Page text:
Why You Don’t Have To “Get Lucky” And Meet The Next Buffett To Build Wealth…

In 1957, Bill and Dr. Carol Angle were like any other husband and wife. They wondered about their financial future: making ends meet, retirement, etc.

The Angles heard about an investment class being taught by a bright 21 year-old kid. Rumor was, he impressed just about everyone he came in contact with. So, they decided to check it out. They joined about 20 other folks that night for the class, called “Investing Principles.”

What the Angles didn’t know was that this kid wasn’t just impressive… He was also a genius. As the story goes, by the end of the talk, Bill Angle announced to the crowd, “I’m putting $10,000 in. The rest of you should, too.”

Carol Angle was a believer, too. They would later up their contribution to $30,000 — half their life savings. It turned out to be the best decision they ever made. The Angle family is worth more than $300 million today.

There are dozens of families with a similar story. A 1998 article in Forbes mentioned that there were at least 30 families in the local area, and many more elsewhere, worth at least $100 million.

All thanks to a young man who had to take a Dale Carnegie course on public speaking before he had enough confidence to get up in front a crowd.

By now, you can probably guess who I’m talking about.

buffettMany already know the story of Berkshire Hathaway (NYSE: BRK-B). In 1962, Warren Buffett began buying the shares of a struggling textile company, which at the time was trading well below its book value.

Just five years later Buffett would buy the entire company, making it his crown jewel. By 1970, Buffett’s ventures funded by Berkshire’s company’s cash flow were blossoming, particularly in insurance. The insurance business offered Buffett something he dearly loved — loads of cash.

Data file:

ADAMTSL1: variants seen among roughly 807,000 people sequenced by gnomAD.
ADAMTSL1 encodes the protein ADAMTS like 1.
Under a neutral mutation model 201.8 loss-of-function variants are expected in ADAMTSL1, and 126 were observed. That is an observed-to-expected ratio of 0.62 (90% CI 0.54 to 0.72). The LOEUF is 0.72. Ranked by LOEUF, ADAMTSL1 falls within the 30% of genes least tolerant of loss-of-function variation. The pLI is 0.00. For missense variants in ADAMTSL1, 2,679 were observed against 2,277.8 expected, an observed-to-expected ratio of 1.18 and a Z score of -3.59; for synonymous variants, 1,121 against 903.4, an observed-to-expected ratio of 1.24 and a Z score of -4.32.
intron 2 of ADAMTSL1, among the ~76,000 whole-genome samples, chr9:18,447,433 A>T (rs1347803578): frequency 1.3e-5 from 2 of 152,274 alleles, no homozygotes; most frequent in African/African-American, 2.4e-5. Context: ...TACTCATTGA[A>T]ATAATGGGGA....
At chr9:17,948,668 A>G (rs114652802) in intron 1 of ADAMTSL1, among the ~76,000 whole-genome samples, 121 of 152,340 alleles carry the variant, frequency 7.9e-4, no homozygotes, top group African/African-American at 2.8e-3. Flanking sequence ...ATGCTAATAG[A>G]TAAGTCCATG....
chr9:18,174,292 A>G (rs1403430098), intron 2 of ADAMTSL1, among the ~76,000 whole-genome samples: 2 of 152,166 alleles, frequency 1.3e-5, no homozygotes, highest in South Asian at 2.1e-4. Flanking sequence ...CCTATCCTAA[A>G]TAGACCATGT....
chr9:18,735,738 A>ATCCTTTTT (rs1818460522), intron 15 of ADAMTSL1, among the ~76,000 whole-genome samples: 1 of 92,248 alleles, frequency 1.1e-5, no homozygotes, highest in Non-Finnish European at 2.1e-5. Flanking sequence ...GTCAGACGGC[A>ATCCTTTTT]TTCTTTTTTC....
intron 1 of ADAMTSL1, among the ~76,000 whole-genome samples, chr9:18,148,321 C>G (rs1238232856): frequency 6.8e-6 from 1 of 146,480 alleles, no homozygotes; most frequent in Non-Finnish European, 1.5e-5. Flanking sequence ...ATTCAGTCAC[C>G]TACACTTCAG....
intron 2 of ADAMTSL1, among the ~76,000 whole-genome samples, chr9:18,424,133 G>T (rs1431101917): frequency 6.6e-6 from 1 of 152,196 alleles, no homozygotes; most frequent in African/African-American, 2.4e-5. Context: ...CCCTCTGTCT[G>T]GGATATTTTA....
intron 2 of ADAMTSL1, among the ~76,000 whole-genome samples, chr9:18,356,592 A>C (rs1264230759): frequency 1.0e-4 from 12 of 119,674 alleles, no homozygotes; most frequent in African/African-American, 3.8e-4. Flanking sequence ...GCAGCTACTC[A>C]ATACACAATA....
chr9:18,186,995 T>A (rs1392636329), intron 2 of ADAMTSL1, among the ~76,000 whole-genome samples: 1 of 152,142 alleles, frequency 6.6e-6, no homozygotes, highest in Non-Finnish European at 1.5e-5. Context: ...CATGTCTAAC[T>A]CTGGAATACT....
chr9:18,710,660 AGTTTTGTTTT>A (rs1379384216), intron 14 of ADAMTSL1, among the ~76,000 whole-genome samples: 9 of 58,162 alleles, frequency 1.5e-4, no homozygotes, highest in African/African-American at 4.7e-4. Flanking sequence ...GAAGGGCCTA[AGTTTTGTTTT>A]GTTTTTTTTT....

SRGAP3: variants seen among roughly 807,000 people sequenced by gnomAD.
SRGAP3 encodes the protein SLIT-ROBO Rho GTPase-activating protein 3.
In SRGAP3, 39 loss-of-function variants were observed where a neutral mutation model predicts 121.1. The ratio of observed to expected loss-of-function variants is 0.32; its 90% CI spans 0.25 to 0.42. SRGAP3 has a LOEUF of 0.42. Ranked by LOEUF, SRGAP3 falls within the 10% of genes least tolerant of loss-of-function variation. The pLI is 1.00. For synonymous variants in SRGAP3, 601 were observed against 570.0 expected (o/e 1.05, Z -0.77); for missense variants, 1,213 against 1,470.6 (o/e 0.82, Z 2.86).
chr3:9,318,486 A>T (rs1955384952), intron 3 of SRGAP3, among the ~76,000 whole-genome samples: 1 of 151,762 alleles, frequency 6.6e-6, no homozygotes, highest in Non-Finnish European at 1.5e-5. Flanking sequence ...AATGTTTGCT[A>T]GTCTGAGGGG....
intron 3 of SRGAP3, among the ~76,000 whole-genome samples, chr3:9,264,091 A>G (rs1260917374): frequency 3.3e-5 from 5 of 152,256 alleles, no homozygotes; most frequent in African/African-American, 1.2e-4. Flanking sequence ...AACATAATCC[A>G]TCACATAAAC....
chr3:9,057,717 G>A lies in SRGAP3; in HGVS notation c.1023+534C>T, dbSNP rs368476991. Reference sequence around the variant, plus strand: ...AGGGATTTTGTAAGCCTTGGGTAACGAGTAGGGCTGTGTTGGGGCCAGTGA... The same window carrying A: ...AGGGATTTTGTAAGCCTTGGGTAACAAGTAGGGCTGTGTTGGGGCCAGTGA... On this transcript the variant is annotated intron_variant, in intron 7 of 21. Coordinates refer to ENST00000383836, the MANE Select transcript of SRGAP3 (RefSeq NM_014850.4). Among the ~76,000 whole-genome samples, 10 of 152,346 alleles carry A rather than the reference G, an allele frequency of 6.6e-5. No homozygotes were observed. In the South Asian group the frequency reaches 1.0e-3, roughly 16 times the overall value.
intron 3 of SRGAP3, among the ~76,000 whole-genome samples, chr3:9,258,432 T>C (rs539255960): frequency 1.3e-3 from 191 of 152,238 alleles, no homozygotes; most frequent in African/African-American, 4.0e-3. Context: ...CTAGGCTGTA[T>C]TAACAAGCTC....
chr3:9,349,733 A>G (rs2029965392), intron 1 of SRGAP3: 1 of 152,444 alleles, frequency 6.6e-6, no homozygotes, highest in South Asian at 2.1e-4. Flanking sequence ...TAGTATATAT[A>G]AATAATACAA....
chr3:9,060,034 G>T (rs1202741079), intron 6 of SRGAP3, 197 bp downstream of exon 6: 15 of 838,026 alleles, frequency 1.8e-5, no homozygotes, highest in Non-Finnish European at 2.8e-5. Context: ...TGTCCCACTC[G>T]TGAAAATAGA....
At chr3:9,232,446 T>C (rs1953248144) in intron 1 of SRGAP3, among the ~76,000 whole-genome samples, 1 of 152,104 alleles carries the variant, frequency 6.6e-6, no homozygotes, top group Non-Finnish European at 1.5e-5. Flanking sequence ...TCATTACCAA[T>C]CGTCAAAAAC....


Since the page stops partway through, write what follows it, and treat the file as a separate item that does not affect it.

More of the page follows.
As you probably know, insurance companies collect premiums and hold them until presented with claims. In the meantime, it can invest that money — called the “float” — and earn a nice return. Buffett and Berkshire simply take the float and buy undervalued companies that generate even more cash.

The point is, sometimes investors forget that it isn’t just Buffett who became rich from Berkshire Hathaway. The regular folks who invested with him amassed great wealth, too. And while I don’t claim to be the next Warren Buffett, the truth is that regular folks don’t have to hit the lottery by happening to meet the next Warren Buffett, either. Instead, we can try to emulate Buffett’s success by examining his investment approach.

How To Find Long-Term Winners Like Buffett

Buffett is one of a handful of names that are discussed when referring to “value” investing. And while the term can sometimes be misleading, and we can argue whether Buffett’s investing style today can be accurately deemed “value, I’ll take a stab at offering some general thoughts on the approach individual investors should make when researching picks.

Unfortunately, there’s no predetermined formula that will allow investors a clear-cut path to uncover the best picks. Investing is always a delicate balance of both art and science.

To pinpoint sharply undervalued stocks, you can start by quantitatively screening for companies that score well in the key valuation metrics like book value, cash flow/enterprise value, and RoIC (my personal favorite), as well as a host of other important fundamental criteria. However, don’t assume that a list of names that filter through ratio analysis screening is all that is necessary to identify winning stocks. Each idea generated by those screens needs to be carefully evaluated, and a close examination of non-numerical data should also be weighed.